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Traditional place categorization approaches in robot vision assume that training and test images have similar visual appearance. Therefore, any seasonal, illumination and environmental changes typically lead to severe degradation in performance. To cope with this problem, recent works have proposed to adopt domain adaptation techniques. While effective, these methods assume that some prior information about the scenario where the robot will operate is available at training time. Unfortunately, in many cases this assumption does not hold, as we often do not know where a robot will be deployed. To overcome this issue, in this paper we present an approach which aims at learning classification models able to generalize to unseen scenarios. Specifically, we propose a novel deep learning framework for domain generalization. Our method develops from the intuition that, given a set of different classification models associated to known domains (e.g. corresponding to multiple environments, robots), the best model for a new sample in the novel domain can be computed directly at test time by optimally combining the known models. To implement our idea, we exploit recent advances in deep domain adaptation and design a Convolutional Neural Network architecture with novel layers performing a weighted version of Batch Normalization. Our experiments, conducted on three common datasets for robot place categorization, confirm the validity of our contribution.

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Word embeddings are widely used in Natural Language Processing, mainly due to their success in capturing semantic information from massive corpora. However, their creation process does not allow the different meanings of a word to be automatically separated, as it conflates them into a single vector. We address this issue by proposing a new model which learns word and sense embeddings jointly. Our model exploits large corpora and knowledge from semantic networks in order to produce a unified vector space of word and sense embeddings. We evaluate the main features of our approach both qualitatively and quantitatively in a variety of tasks, highlighting the advantages of the proposed method in comparison to state-of-the-art word- and sense-based models.

* Accepted in CoNLL 2017. 12 pages
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This paper presents an approach for semantic place categorization using data obtained from RGB cameras. Previous studies on visual place recognition and classification have shown that, by considering features derived from pre-trained Convolutional Neural Networks (CNNs) in combination with part-based classification models, high recognition accuracy can be achieved, even in presence of occlusions and severe viewpoint changes. Inspired by these works, we propose to exploit local deep representations, representing images as set of regions applying a Na\"{i}ve Bayes Nearest Neighbor (NBNN) model for image classification. As opposed to previous methods where CNNs are merely used as feature extractors, our approach seamlessly integrates the NBNN model into a fully-convolutional neural network. Experimental results show that the proposed algorithm outperforms previous methods based on pre-trained CNN models and that, when employed in challenging robot place recognition tasks, it is robust to occlusions, environmental and sensor changes.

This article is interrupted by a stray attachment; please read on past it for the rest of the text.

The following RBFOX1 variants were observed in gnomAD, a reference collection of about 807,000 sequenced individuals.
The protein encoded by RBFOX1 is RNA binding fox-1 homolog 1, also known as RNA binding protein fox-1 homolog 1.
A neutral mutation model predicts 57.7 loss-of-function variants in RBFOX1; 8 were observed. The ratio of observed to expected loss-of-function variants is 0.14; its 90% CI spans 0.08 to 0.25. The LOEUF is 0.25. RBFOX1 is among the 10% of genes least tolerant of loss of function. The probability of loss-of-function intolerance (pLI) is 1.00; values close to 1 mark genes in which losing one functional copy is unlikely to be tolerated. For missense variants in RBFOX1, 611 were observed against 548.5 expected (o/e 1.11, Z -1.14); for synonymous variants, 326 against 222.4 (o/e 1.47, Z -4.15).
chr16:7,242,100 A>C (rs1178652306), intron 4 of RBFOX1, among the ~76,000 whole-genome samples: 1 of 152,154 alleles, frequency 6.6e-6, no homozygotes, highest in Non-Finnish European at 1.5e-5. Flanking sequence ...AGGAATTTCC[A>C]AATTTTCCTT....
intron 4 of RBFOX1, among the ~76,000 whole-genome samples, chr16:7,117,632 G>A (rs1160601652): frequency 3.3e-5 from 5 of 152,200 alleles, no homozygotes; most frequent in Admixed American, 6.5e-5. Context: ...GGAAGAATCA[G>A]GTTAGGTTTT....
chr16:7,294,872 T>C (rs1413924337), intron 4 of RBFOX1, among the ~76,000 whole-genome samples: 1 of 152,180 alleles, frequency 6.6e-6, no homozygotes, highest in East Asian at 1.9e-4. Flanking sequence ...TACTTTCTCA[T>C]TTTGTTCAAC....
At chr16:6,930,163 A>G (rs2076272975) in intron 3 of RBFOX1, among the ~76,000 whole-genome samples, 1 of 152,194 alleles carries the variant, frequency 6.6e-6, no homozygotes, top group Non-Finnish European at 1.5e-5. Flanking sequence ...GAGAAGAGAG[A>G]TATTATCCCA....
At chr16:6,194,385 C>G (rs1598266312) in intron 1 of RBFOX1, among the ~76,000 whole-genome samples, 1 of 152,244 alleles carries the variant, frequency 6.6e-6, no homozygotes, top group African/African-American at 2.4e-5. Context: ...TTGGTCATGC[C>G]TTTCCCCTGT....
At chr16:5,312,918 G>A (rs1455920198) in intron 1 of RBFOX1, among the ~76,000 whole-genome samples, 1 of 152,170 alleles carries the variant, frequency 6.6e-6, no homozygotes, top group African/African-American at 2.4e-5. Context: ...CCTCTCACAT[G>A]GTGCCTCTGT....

* IEEE Robotics and Automation Letters, Vol. 2, n. 3, July 2017
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While today's robots are able to perform sophisticated tasks, they can only act on objects they have been trained to recognize. This is a severe limitation: any robot will inevitably see new objects in unconstrained settings, and thus will always have visual knowledge gaps. However, standard visual modules are usually built on a limited set of classes and are based on the strong prior that an object must belong to one of those classes. Identifying whether an instance does not belong to the set of known categories (i.e. open set recognition), only partially tackles this problem, as a truly autonomous agent should be able not only to detect what it does not know, but also to extend dynamically its knowledge about the world. We contribute to this challenge with a deep learning architecture that can dynamically update its known classes in an end-to-end fashion. The proposed deep network, based on a deep extension of a non-parametric model, detects whether a perceived object belongs to the set of categories known by the system and learns it without the need to retrain the whole system from scratch. Annotated images about the new category can be provided by an 'oracle' (i.e. human supervision), or by autonomous mining of the Web. Experiments on two different databases and on a robot platform demonstrate the promise of our approach.